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Carbon Prices for the Next Thousand Years

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  • Reyer Gerlagh
  • Matti Liski

Abstract

Climate is a persistent asset, bar none: changes in climate-related stocks have consequences spanning over centuries or possibly millennia to the future. To reconcile the discounting of such far-distant impacts and realism of the shorter-term decisions, we consider hyperbolic time-preferences in a climate-economy model. Time-changing utility discount rates have unexplored general-equilibrium effects: carbon prices exceed the pure carbon externality costs - the Pigouvian tax level - by multiple factors in our quantitative assessment. The climate-economy model is rich in details but can be solved in closed-form yielding Markov carbon prices dependent on climate system parameters, damage estimates, technology parameters, and both short- and long-term time preferences. The equilibrium time discount rate is endogenous, and it can justify high carbon taxes as advocated by Stern while maintaining the realism of the macroeconomic outcome, thus providing a solution for the dilemma centering the carbon tax-discount rate debate. The welfare ranking of the policy alternatives is unambiguous: enforcing the Pigouvian tax decreases a consistently-defined welfare measure vis-a-vis the Markov equilibrium.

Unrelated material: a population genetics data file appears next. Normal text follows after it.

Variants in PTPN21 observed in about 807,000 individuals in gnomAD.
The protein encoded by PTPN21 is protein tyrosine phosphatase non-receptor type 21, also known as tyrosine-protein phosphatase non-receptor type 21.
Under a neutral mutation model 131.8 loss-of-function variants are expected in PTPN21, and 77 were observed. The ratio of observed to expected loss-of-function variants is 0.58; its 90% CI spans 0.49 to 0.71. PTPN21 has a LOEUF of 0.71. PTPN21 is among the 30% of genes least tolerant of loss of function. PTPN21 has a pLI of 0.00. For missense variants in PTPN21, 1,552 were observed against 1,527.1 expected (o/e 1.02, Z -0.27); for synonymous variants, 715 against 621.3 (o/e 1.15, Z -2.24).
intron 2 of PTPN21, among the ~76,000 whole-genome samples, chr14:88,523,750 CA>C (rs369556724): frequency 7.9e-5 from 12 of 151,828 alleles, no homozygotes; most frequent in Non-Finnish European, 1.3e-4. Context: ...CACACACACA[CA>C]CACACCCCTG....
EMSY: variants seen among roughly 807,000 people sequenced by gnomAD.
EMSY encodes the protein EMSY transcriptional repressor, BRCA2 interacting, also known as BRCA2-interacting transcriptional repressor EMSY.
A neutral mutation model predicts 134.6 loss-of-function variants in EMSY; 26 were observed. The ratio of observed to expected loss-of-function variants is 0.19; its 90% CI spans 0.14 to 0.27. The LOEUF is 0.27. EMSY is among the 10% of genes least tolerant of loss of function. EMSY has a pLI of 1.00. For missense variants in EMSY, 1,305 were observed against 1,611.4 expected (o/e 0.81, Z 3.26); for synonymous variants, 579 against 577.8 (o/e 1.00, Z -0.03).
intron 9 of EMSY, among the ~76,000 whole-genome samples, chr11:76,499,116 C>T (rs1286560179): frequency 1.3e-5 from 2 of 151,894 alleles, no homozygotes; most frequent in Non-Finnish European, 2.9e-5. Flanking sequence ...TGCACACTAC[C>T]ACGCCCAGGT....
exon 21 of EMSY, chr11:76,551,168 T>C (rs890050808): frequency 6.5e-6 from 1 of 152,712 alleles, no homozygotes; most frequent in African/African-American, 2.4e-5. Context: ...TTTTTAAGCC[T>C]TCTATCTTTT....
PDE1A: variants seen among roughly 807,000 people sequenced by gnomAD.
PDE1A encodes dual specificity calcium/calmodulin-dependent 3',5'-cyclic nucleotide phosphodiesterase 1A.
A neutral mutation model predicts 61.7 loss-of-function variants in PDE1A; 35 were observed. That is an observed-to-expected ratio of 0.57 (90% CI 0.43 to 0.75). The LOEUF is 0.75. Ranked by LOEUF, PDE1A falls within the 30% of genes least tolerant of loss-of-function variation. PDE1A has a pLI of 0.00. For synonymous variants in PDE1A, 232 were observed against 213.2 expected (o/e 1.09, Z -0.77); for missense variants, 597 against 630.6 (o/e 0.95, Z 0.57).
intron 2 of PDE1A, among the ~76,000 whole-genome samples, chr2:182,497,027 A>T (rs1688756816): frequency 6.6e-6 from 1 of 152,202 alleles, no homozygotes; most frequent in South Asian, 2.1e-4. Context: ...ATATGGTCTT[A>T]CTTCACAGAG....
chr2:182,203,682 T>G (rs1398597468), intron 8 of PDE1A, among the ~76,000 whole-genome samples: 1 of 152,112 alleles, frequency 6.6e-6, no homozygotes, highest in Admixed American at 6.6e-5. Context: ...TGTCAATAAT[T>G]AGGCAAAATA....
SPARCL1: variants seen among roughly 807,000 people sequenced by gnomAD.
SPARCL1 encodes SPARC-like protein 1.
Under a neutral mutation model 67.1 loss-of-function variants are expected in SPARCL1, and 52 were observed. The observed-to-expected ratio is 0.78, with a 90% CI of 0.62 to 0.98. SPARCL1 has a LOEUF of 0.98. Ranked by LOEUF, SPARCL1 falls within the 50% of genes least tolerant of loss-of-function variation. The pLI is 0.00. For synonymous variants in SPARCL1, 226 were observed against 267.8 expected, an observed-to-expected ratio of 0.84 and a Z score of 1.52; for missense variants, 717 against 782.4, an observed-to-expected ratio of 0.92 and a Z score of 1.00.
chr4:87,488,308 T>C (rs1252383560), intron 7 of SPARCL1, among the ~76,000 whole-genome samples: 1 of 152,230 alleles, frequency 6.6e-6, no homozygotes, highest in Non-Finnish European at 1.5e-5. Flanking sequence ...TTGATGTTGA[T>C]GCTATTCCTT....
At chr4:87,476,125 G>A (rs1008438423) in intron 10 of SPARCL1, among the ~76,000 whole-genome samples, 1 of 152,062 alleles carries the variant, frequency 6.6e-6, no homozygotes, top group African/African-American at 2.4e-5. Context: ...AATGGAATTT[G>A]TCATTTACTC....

Suggested Citation

  • Reyer Gerlagh & Matti Liski, 2012. "Carbon Prices for the Next Thousand Years," CESifo Working Paper Series 3855, CESifo.
  • Handle: RePEc:ces:ceswps:_3855
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    Cited by:

    1. Armon Rezai & Frederick van der Ploeg & Cees Withagen, 2012. "The Optimal Carbon Tax and Economic Growth: Additive versus Multiplicative Damages," CEEES Paper Series CE3S-05/12, European University at St. Petersburg, Department of Economics.
    2. Moreaux, Michel & Withagen, Cees, 2013. "Climate Change and Carbon Capture and Storage," IDEI Working Papers 774, Institut d'Économie Industrielle (IDEI), Toulouse.
    3. van den Bijgaart, Inge & Gerlagh, Reyer & Liski, Matti, 2016. "A simple formula for the social cost of carbon," Journal of Environmental Economics and Management, Elsevier, vol. 77(C), pages 75-94.
    4. Rezai, Armon & van der Ploeg, Frederick, 2015. "Robustness of a simple rule for the social cost of carbon," Economics Letters, Elsevier, vol. 132(C), pages 48-55.
    5. Grimaud, André & Rouge, Luc, 2014. "Carbon sequestration, economic policies and growth," Resource and Energy Economics, Elsevier, vol. 36(2), pages 307-331.
    6. Karp, Larry, 2015. "Railroad discounting," Economics Letters, Elsevier, vol. 126(C), pages 87-90.
    7. Iverson, Terrence, 2012. "Optimal Carbon Taxes with Non-Constant Time Preference," MPRA Paper 43264, University Library of Munich, Germany.
    8. van der Ploeg, Frederick & Withagen, Cees, 2012. "Is there really a green paradox?," Journal of Environmental Economics and Management, Elsevier, vol. 64(3), pages 342-363.
    9. Gerlagh, Reyer & Kverndokk, Snorre & Rosendahl, Knut Einar, 2014. "The optimal time path of clean energy R&D policy when patents have finite lifetime," Journal of Environmental Economics and Management, Elsevier, vol. 67(1), pages 2-19.